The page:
1) National ICT Policy: Vive Digital
Colombia’s national ICT policy is outlined through El Plan Vive Digital, an initiative sponsored by the Ministry of Information and and Communications Technologies (MinTIC). This link includes a short introductory video, an outline of the plan, policy goals, Colombia’s demand for ICT etc. A pdf of the government publication outlining the plan is availble here
Data is from 2011
Content language: Spanish
2) The Ministerio de Tecnologías de la Información y las Comunicaciones is responsible for overseeing Vive Digital. Link to their website here (content is in Spanish)
3) Here is a link to a study (in English) conducted by the Center for Information & Society at the University of Washington and the Instituto de Estudios Peruanos that discussed the impact of ICT training programs in Brazil, Colombia, and Mexico. The Colombian programs highlighted were through the Centro Juan Bosco Obrero, Teleton Colombia, and Cirec (site of the latter is currently under construction).
4) Additional Resources:
– Colombia Digital: information on Colombia’s policy (English)
– Pro-Ideal: Colombia ICT summary and policy overview (English)
– Latin Lawyer: Information on ICT legislation and rights (English)
5) Due to the popularity and relative success of Vive Digital, it is fairly easy to access information on Colombia’s ICT policy. That being said, the most up to date content is often only available in Spanish.
Governments live under constant pressure to meet the growing needs of their citizens with limited resources available. Countries around the world have addressed this issue by modernizing government management through the implementation of innovative e-government programs. Colombia, Uruguay, and Panama were recognized as e-government champions by the 2013 version of the World Economic Forum’s Global Information Technology Report. In Panama, thanks to PanamaEmprende, entrepreneurs can set-up a company in 15 minutes. Internet connections have more than tripled in Colombia in less than three years. In Uruguay technology exports have more than quadrupled in a decade thanks to the support the government has provided to small and mid-size tech enterprises.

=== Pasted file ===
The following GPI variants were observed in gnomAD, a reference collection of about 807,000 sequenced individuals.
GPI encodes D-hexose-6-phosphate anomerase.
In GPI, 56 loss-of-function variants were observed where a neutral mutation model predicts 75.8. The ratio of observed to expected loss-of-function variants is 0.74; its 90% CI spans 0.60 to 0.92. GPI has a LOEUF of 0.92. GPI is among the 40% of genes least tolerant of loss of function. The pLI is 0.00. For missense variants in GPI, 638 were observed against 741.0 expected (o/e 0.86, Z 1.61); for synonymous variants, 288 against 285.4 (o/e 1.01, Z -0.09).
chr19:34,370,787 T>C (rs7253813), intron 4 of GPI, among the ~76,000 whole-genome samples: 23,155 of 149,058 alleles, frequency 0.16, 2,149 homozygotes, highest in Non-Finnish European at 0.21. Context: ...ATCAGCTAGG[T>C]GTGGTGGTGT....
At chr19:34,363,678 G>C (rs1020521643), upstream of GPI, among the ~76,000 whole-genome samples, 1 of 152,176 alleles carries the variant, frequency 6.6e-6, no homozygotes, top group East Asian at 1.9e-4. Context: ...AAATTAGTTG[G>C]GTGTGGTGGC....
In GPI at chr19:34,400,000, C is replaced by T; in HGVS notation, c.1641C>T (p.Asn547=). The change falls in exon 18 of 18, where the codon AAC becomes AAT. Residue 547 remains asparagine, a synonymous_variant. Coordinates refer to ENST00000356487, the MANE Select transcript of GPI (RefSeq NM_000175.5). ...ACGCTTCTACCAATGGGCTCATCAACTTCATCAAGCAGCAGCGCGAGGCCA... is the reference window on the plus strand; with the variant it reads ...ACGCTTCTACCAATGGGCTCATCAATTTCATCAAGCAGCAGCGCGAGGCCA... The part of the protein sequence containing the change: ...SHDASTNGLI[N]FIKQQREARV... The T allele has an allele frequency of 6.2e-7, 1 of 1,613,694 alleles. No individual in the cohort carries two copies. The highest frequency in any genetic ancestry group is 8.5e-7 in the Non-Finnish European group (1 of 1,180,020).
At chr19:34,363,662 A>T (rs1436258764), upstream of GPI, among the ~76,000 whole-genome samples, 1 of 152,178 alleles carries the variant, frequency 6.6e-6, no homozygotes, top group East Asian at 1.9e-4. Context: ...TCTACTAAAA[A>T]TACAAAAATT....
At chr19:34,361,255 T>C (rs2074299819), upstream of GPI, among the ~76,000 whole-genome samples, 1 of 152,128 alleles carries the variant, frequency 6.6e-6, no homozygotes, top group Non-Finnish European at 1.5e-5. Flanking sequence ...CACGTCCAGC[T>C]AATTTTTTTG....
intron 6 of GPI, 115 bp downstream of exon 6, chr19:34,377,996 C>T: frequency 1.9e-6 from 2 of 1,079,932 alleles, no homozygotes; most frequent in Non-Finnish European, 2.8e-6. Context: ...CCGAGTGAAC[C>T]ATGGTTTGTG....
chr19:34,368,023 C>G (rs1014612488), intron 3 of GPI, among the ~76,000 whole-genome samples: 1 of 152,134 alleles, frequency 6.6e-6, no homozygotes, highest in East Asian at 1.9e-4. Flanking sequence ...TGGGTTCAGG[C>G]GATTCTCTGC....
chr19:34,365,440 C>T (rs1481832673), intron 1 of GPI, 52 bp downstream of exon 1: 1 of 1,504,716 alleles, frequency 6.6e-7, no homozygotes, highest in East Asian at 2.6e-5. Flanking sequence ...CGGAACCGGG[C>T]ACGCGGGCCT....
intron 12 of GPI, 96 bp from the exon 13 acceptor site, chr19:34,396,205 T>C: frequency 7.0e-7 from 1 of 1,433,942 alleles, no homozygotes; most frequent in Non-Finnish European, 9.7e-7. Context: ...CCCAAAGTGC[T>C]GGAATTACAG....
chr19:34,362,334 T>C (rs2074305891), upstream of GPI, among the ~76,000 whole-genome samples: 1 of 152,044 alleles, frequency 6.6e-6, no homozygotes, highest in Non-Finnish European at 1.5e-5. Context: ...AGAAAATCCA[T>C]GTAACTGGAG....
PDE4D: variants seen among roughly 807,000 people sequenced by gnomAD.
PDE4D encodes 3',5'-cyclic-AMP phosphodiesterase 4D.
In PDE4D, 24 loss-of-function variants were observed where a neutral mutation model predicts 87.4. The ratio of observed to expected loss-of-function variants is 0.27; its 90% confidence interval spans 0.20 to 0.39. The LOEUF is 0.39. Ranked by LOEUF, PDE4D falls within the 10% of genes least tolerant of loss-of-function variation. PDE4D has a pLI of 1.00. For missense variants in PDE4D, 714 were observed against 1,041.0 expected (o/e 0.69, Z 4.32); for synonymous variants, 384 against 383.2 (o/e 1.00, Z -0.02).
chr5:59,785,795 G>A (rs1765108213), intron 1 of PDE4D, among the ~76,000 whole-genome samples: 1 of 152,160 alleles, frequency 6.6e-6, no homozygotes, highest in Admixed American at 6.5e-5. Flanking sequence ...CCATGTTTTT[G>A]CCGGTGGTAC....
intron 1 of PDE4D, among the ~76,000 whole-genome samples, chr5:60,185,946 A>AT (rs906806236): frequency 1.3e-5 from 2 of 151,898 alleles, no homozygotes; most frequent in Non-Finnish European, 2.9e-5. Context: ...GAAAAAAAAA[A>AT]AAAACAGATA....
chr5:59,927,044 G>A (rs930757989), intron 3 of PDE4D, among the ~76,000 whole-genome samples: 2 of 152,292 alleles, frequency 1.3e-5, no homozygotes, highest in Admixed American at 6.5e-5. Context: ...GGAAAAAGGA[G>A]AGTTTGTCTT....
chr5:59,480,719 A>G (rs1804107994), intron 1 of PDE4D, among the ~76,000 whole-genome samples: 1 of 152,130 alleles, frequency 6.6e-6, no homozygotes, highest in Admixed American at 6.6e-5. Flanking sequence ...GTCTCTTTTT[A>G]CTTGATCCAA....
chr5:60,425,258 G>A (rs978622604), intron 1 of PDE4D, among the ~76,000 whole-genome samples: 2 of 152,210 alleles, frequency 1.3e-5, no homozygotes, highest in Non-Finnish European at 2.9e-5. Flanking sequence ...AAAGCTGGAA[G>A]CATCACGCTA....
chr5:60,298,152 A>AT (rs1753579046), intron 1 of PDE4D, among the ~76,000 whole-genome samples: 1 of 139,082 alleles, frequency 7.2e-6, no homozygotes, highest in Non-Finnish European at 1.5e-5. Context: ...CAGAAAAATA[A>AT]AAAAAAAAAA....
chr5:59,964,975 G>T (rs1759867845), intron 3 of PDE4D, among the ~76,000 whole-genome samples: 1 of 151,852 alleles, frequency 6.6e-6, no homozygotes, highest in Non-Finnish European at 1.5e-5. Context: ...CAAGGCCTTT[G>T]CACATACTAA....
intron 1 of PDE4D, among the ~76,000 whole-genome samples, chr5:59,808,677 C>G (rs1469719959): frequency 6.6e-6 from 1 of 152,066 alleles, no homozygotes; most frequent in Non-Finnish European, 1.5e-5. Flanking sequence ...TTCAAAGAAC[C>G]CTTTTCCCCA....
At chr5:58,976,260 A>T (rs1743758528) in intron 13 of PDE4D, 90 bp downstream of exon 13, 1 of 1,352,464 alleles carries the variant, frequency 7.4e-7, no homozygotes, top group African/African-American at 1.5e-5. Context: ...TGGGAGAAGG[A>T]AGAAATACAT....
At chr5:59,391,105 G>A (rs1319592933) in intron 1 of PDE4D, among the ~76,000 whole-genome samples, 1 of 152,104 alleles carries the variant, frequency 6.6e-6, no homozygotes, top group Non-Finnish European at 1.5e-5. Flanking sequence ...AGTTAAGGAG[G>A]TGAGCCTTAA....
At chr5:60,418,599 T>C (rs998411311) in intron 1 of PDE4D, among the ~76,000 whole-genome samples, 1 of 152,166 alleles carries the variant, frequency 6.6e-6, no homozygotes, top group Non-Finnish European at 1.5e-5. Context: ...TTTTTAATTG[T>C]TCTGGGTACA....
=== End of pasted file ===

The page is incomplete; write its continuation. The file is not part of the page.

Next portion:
Colombia’s political investment in ICTs initiated 14 years ago with the release of the National Council for Economic and Social Policy’s policy agenda for the 21st Century. The strategic document became a road map for the development of the Colombian Knowledge-based society. Colombia’s e-government success is the product of a.) Strong political support, b.) The use of ICT as a state policy, c.) Sufficient Financial Resources, d.) Addressing Citizens’ concerns, e.) International Cooperation, and f.) Institutional and workforce capacity. Uruguay also started investing in ICTs in the late 1990s and its ICT success can be attribute, among other things, to the nurturing of tis local ICT businesses. In the case of Panama, e-government success is the result of extraordinary political support from the president and cabinet members.
Despite the astonishing progress Colombia, Uruguay, and Panama have achieved in terms of e-government, many challenges still remain visible: a.) millions of people still can’t afford to access the internet and b.) funds to expand the digital infrastructure of these countries are limited.
For more information about e-government in Colombia, Uruguay, and Panama, please refer to Chapter 2.3 of the World Economic Forum’s Global Information Technology Report available here.
In class this week, we discussed many of the criticisms of the “One Laptop Per Child” program, which gives sturdy, affordable laptops to children in developing countries. Some of these criticisms include the fact that the model is entirely dependent on the computer itself, which could break, the fact that the teachers are almost completely left out of the equation, the financial instability of the project, and the fact that the local historical context is rarely considered in the implementation of OLPC. Studies have shown that the program has caused very little improvement in learning benchmarks or economic indicators in most cases.